Lessons learned

 So, what are the lessons learned for other nonprofits considering getting into this line of service?

Learn the rules
“First and foremost,” says Larkin, “it’s important to realize there are a lot of rules and regulations you need to follow, issued by DOT, HHS and other agencies you might contract with. So know what your compliance issues are.”

Heed the drivers
Penquis fields a corps of about 180 drivers, although Larkin says there is enough demand that they could use 300. Although the 16 “lift” vehicles for disabled passengers are driven by staff members, the other drivers are paid only by the mile. Larkin says that rate depends somewhat on the level of funding available, but it is typically 44 cents per mile, beginning when they leave their houses and ending when they return home. Each driver is expected to carry his or her own insurance, but Penquis also has an umbrella, backup policy.

“You have to make sure you do background checks because of the liability,” she notes, adding that each driver completes an extensive training curriculum originally developed by the Maine Transit Association, which includes defensive driving, cultural and disability sensitivity, first aid and customer service.

Maine can have “terrible weather” in the winter, acknowledges Larkin. Since most of the drivers are not professionals, and since vehicles are typically minivans, not heavy-duty buses, Penquis monitors the weather closely and cancels trips—except for life-dependent needs such as for dialysis—if necessary. Only what she calls the “big, brave dogs” go out on such days, to serve customers with vital needs.

“If we know a storm may be coming, my operations manager is up at approximately 3:30 or 4 in the morning to watch developments,” says Larkin. As a result, she says the number of accidents is very low.

In addition, Larkin adds that a sociable, outgoing personality is important, since drivers are the only people customers may see in a day, or even a week.

“You know, everybody's pushing the trend toward driverless cars and all of that and I think for some people that will be really cool,” says Larkin. “But that being said, our vehicle operators, know a lot of our customers. They know if something isn't right. So, the interaction between volunteer drivers and customers is significant.”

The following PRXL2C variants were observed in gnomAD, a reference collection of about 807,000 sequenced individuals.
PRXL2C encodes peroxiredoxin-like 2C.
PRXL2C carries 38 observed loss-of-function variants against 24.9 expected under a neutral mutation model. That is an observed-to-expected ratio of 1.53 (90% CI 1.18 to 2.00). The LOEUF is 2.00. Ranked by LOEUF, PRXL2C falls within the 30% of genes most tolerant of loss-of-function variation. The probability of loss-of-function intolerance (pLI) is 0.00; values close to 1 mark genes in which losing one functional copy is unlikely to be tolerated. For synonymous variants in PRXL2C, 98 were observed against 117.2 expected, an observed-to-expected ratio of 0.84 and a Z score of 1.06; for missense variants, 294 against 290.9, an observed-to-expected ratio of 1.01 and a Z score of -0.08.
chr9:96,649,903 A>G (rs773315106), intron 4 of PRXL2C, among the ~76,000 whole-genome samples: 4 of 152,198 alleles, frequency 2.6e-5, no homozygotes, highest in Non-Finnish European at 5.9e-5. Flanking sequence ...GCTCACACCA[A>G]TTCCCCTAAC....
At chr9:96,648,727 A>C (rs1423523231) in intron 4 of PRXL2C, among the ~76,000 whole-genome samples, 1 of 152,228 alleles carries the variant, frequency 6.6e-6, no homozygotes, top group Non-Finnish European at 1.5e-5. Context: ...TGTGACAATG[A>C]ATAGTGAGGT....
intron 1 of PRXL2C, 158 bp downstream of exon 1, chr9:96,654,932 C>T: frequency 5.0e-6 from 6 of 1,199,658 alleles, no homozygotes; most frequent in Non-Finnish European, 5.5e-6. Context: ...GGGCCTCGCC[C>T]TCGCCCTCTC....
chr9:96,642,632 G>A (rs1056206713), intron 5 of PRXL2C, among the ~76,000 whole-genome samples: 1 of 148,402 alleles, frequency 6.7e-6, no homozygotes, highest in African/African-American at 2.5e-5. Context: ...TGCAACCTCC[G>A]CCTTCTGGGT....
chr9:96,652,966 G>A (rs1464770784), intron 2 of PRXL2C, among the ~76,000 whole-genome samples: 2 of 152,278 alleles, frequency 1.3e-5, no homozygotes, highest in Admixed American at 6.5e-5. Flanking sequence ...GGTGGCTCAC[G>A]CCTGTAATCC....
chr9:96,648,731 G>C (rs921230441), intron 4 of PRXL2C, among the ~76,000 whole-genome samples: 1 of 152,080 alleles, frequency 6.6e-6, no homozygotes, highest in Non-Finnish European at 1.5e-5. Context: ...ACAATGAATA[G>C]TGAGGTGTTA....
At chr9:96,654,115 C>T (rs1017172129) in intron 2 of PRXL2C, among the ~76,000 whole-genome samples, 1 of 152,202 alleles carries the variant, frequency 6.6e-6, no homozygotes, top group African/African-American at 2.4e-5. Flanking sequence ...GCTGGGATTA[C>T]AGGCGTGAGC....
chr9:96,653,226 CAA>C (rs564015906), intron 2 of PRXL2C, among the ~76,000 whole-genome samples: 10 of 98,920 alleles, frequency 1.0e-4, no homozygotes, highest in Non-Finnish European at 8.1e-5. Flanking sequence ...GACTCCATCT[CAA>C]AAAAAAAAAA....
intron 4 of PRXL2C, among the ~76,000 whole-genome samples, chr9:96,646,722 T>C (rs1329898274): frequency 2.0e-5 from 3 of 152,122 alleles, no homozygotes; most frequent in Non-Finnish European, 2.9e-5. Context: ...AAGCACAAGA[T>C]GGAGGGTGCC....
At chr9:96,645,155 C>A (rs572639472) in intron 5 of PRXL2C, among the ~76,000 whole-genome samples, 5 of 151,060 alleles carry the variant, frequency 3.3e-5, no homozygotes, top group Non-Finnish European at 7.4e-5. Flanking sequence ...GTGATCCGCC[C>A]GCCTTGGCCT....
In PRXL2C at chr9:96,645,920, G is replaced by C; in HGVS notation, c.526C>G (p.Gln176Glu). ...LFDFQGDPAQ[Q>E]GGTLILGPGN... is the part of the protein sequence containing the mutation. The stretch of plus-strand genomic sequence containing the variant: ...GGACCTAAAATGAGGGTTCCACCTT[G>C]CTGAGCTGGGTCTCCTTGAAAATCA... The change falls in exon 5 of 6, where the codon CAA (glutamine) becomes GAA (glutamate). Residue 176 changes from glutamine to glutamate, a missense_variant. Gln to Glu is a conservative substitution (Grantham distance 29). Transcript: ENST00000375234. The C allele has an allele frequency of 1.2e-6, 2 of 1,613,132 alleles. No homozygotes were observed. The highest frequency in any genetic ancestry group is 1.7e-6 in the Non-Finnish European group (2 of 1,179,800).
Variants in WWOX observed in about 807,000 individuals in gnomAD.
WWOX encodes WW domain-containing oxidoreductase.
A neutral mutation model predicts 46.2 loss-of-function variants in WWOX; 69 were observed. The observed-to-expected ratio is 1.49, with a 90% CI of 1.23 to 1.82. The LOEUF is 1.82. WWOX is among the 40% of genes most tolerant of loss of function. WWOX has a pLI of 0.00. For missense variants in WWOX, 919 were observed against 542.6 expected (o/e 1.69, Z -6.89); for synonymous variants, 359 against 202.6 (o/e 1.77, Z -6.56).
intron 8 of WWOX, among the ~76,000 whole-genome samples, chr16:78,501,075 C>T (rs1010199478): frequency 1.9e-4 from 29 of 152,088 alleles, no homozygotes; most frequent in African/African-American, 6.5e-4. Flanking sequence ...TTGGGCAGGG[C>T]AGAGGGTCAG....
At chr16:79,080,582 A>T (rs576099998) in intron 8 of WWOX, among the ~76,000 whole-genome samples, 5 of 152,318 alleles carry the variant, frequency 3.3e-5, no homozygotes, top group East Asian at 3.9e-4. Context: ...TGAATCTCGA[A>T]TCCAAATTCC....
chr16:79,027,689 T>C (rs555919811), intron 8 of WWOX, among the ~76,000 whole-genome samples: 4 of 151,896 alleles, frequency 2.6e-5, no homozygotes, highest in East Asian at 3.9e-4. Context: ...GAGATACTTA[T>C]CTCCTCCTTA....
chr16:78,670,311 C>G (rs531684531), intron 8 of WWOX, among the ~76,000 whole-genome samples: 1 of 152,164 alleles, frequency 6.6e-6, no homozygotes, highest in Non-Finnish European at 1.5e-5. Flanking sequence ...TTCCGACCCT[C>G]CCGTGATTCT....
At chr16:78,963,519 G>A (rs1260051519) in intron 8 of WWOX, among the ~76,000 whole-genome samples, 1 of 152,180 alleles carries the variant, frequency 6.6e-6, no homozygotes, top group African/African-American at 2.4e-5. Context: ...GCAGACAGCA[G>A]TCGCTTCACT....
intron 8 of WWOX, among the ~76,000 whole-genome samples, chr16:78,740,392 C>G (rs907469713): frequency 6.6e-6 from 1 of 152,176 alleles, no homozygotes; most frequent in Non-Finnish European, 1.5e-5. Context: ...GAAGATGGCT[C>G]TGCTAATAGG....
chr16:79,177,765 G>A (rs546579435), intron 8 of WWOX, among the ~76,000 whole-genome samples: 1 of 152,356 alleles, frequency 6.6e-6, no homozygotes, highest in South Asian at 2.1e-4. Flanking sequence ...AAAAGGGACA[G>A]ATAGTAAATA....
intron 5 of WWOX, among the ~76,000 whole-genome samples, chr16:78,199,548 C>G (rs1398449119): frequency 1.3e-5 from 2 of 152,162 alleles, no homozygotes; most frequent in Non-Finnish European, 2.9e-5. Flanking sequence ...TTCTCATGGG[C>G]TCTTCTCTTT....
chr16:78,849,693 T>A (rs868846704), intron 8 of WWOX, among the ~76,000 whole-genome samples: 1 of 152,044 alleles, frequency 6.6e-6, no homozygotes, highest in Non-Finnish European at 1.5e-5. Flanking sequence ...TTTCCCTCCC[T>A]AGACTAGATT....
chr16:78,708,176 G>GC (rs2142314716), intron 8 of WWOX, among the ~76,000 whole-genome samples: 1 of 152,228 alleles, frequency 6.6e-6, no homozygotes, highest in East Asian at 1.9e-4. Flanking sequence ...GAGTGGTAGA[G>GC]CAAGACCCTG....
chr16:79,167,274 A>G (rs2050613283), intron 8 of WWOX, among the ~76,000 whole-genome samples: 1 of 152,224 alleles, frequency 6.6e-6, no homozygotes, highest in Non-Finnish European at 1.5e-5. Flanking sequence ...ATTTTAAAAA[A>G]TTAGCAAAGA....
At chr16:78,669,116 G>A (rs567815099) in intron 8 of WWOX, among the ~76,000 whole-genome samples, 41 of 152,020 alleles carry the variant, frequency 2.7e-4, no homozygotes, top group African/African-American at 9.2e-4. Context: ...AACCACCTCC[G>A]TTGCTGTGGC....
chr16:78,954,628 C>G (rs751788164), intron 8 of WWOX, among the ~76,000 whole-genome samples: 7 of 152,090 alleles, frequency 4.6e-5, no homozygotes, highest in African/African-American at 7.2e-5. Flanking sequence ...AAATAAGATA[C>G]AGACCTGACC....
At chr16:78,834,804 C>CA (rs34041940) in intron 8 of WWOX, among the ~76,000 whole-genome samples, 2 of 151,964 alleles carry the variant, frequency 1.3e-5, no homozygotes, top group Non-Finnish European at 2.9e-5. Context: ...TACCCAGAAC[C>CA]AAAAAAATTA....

Perhaps the best way to explain the value of the service offered by Lynx is with a story of one of its regular users, Bill (who asked that his last name not be used):
Bill is a veteran and served in the Navy, spending four years overseas. He is now 80 years old and a resident of rural Maine. Bill still has his driver’s license but two years ago was in a bad car accident. He lost control of his vehicle on a winter evening and his car went down a bank and into a brook. Luckily, the local sheriff was about 5 minutes away. After finding Bill, the sheriff called for an ambulance and fire trucks, and the crews were able to safely extract Bill from his car. Since that evening, he has chosen not to drive.
Unfortunately, Bill also has significant health challenges and needs help getting to regular appointments at the local Veterans Affairs hospital, almost 100 miles away. That’s a 1-hour-and-50-minute drive. That’s where Penquis Lynx Mobility Services comes in. He also uses Lynx for transportation around town to do errands, such as grocery shopping and banking. Bill’s only complaint is having to give advance notice to get a ride. There are times when he has to decline medical appointments that come up unexpectedly, because Lynx is already booked for that day.
Bill compliments the drivers for keeping him safe. “I watch that speedometer, and if it says 55 miles per hour, they do 55 miles per hour. More people need to know about this service. I know of veterans who just can’t get to places and I want to help spread the word.”